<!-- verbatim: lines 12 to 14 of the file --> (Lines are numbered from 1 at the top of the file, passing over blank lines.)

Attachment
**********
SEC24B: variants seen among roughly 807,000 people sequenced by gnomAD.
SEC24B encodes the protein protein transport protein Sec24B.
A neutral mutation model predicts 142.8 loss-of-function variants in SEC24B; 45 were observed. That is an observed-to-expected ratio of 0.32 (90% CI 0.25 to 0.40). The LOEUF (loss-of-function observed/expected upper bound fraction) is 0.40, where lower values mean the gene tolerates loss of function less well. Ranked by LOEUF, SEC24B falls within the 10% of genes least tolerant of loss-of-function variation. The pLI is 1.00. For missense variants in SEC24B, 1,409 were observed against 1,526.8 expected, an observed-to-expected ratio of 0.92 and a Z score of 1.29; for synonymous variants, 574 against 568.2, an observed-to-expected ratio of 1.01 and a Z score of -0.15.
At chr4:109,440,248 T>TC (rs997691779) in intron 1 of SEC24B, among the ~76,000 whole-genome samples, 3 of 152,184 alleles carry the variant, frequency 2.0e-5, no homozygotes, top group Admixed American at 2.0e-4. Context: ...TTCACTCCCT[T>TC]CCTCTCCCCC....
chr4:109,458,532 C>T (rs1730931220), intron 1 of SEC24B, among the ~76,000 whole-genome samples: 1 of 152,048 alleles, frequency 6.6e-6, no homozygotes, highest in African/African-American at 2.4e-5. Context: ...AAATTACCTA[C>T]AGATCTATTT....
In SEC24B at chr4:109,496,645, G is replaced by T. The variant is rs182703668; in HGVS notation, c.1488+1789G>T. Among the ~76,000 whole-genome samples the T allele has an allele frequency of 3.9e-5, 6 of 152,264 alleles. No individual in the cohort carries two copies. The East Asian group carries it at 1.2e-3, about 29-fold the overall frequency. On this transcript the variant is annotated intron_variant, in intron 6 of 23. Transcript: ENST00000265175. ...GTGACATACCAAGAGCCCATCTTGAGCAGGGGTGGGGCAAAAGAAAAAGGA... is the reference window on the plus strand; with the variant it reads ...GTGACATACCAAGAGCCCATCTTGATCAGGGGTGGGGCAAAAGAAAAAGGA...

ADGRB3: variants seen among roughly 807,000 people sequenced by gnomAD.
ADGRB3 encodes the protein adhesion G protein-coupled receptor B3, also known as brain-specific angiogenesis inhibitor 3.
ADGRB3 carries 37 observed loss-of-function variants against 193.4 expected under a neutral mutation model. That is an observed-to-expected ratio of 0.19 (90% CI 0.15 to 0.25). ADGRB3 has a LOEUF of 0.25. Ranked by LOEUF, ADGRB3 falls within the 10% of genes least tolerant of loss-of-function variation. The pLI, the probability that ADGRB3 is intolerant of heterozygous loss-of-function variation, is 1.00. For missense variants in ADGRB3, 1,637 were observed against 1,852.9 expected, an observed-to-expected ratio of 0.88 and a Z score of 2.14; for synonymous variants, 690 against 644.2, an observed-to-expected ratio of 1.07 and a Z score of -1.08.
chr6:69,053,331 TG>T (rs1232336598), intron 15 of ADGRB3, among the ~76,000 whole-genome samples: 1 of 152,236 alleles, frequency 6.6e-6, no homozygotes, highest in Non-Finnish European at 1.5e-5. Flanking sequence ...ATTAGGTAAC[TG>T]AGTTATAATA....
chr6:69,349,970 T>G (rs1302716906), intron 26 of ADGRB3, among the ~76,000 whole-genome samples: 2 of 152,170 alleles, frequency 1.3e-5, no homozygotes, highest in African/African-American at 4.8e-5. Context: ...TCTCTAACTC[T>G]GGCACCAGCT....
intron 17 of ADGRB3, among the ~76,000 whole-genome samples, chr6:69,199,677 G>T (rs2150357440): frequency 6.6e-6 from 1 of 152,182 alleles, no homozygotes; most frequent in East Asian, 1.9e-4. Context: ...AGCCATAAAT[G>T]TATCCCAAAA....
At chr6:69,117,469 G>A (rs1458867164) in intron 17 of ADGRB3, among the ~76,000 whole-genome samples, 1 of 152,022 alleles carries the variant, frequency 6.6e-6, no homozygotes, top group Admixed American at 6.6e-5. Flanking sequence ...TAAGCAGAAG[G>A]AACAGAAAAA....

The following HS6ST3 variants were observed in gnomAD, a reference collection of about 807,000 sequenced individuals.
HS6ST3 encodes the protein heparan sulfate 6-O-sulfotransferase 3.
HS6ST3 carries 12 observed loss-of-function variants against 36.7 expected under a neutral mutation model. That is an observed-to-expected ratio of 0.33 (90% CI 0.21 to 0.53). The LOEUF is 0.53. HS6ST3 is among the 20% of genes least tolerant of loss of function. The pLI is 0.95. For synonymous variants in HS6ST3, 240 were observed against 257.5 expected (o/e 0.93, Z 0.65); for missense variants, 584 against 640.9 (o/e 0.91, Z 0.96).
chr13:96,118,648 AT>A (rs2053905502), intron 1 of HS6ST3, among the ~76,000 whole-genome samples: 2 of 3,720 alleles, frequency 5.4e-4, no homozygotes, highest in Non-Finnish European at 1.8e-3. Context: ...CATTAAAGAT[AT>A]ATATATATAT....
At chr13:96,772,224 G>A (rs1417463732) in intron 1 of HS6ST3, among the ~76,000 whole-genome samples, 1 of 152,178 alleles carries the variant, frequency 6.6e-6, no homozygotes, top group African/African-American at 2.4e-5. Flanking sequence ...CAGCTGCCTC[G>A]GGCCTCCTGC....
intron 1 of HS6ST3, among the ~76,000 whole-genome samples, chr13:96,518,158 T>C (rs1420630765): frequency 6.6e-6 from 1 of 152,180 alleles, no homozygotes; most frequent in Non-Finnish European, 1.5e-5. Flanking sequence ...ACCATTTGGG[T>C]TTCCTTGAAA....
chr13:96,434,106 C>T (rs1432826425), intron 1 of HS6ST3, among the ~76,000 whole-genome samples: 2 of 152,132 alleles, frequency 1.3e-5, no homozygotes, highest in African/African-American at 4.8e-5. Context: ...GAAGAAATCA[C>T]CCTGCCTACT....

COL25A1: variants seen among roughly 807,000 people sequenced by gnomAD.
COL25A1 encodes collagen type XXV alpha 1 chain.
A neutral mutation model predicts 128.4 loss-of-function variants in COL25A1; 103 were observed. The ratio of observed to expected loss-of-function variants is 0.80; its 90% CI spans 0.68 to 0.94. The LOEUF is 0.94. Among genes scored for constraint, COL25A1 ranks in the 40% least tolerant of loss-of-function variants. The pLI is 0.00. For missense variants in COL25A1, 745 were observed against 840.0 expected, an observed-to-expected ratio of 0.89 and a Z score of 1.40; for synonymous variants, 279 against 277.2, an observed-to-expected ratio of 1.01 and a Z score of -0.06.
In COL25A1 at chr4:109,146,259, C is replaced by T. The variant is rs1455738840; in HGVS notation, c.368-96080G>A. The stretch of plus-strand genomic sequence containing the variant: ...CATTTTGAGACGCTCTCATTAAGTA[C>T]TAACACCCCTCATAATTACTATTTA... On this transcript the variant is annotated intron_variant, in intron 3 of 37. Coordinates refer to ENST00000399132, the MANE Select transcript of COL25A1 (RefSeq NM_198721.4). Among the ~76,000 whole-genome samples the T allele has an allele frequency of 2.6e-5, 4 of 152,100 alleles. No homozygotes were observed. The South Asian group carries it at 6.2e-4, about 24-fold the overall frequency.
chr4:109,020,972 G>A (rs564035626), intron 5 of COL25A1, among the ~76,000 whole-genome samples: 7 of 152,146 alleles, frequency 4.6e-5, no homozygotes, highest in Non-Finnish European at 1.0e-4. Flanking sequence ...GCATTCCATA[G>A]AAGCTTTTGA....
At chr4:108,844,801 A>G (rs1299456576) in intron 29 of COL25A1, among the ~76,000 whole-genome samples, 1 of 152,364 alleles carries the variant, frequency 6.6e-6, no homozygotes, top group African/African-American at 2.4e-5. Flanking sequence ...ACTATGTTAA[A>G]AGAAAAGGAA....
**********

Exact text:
intron 17 of ADGRB3, among the ~76,000 whole-genome samples, chr6:69,199,677 G>T (rs2150357440): frequency 6.6e-6 from 1 of 152,182 alleles, no homozygotes; most frequent in East Asian, 1.9e-4. Context: ...AGCCATAAAT[G>T]TATCCCAAAA....
At chr6:69,117,469 G>A (rs1458867164) in intron 17 of ADGRB3, among the ~76,000 whole-genome samples, 1 of 152,022 alleles carries the variant, frequency 6.6e-6, no homozygotes, top group Admixed American at 6.6e-5. Flanking sequence ...TAAGCAGAAG[G>A]AACAGAAAAA....

The following HS6ST3 variants were observed in gnomAD, a reference collection of about 807,000 sequenced individuals.